Displacement

Fix the Broken Approach to Peace Between the Sudans: Enough Project

Date: 
Mar 28, 2013

FOR IMMEDIATE RELEASE: Thursday, March 28, 2013

Contact: Jonathan Hutson, jhutson@enoughproject.org , +1-202-386-1618

Fix the Broken Approach to Peace Between the Sudans: Enough Project

WASHINGTON – The international community should not be lulled into a false sense of security because of the incremental steps Khartoum has recently taken in its bilateral relationship with South Sudan, argues a new Enough Project paper. These types of small steps forward after months of delay have been Khartoum’s standard operating procedure for years. 

The UN has announced that a joint monitoring mission visited two hot spots, Kiir Adem and Tishwin, in the buffer zone between the two countries. The mission confirmed that both sides' armed forces had withdrawn from those locations. Although this is significant, the Enough Project's new report, The Broken Approach to Peace Between the Sudans, puts these developments into a broader context by explaining why such incremental progress contains the seeds of even more conflict. The paper spotlights the dangerous cycle of incremental agreements, whose implementation is delayed until yet another incremental step is hailed as a breakthrough.

Enough Project Senior Advisor Omer Ismail said:

The international community is celebrating the incremental steps forward in March 2013 as a breakthrough. Efforts to secure peace between the Sudans are trapped in a cycle where the international community applauds incremental progress while tolerating dangerous delays. Continued reluctance to put a stop to Khartoum's bad faith tactics undermines efforts to secure a durable peace. When combined with the ineffectiveness of the African Union's mediation efforts and the perverse incentives produced by internal political dynamics within the Sudans, tolerance of Bashir's intransigence perpetuates conflict. We need to hold both Sudans to all of their September 2012 commitments.

The paper offers three recommendations for a more effective peace process. First, the Enough Project stresses the needs to leverage pressure on the two Sudans to move them towards durable and enforced agreements.  Second, it suggests shifting the focus away from high-stakes summits towards technical discussions since real negotiations will require stronger channels of bilateral communication between the Sudans. Finally, the paper argues that the U.S. government needs to strengthen Sudanese opposition and civil society to help create the space necessary to shift internal political pressures towards peace.

Enough Project Research Associate Akshaya Kumar said: 

We keep allowing Khartoum to move the goalposts and redefine success. Real progress towards a durable peace needs a new approach. Effectively leveraging international pressure on both parties and shifting the focus away from high stakes summits will help. Since a lack of political will within the Sudans is the root cause of much of the trouble, support for opposition efforts to widen the political space will be essential.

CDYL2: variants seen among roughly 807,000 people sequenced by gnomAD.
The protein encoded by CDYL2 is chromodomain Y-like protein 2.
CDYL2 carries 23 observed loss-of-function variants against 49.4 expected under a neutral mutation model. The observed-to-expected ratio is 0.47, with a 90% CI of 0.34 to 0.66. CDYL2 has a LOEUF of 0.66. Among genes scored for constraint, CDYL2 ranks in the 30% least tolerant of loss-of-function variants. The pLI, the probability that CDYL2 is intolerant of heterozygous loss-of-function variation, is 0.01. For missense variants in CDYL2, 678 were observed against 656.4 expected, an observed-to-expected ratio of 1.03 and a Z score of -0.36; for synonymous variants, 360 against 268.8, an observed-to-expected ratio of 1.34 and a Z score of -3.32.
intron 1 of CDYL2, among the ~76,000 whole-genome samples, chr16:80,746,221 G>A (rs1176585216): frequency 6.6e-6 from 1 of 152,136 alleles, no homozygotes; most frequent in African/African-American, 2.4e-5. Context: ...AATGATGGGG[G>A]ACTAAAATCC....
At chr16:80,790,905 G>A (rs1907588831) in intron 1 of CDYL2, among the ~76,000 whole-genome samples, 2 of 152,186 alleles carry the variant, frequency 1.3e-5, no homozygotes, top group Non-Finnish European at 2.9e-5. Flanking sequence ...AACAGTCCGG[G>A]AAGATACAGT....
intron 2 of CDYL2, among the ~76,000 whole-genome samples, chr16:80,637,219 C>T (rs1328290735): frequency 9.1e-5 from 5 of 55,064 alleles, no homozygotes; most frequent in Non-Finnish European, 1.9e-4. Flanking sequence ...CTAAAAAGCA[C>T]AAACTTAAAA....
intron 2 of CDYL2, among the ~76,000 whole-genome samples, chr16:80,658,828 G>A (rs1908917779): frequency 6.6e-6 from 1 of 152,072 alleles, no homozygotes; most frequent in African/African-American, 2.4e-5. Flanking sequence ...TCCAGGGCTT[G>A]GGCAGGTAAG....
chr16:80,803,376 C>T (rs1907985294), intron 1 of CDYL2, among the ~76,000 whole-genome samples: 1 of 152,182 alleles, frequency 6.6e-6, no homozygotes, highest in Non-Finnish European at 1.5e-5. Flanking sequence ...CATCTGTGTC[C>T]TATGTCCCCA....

Read the report, The Broken Approach to Peace Between the Sudans:  http://www.enoughproject.org/files/BrokenApproachtoPeaceSudans.pdf

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Enough is a project of the Center for American Progress to end genocide and crimes against humanity. Founded in 2007, the Enough Project focuses on crises in Sudan, eastern Congo, and areas of Africa affected by the Lord’s Resistance Army. Enough’s strategy papers and briefings provide sharp field analysis and targeted policy recommendations based on a“3P” crisis response strategy: promoting durable peace, providing civilian protection, and punishing perpetrators of atrocities. Enough works with concerned citizens, advocates, and policy makers to prevent, mitigate, and resolve these crises. For more information, please visit www.enoughproject.org

 

The Broken Approach to Peace Between the Sudans: A Proposal to End the Cycle of Incremental Progress and Dangerous Delay

The international community’s current approach to brokering peace between the two Sudans is caught in a counterproductive cycle. This paper argues that the issues troubling the most recent negotiations are symptomatic of broader problems with the international community’s efforts to broker peace in the Sudans, identifies the underlying reasons why the process has failed to move forward, and proposes three recommendations for a more viable strategy.

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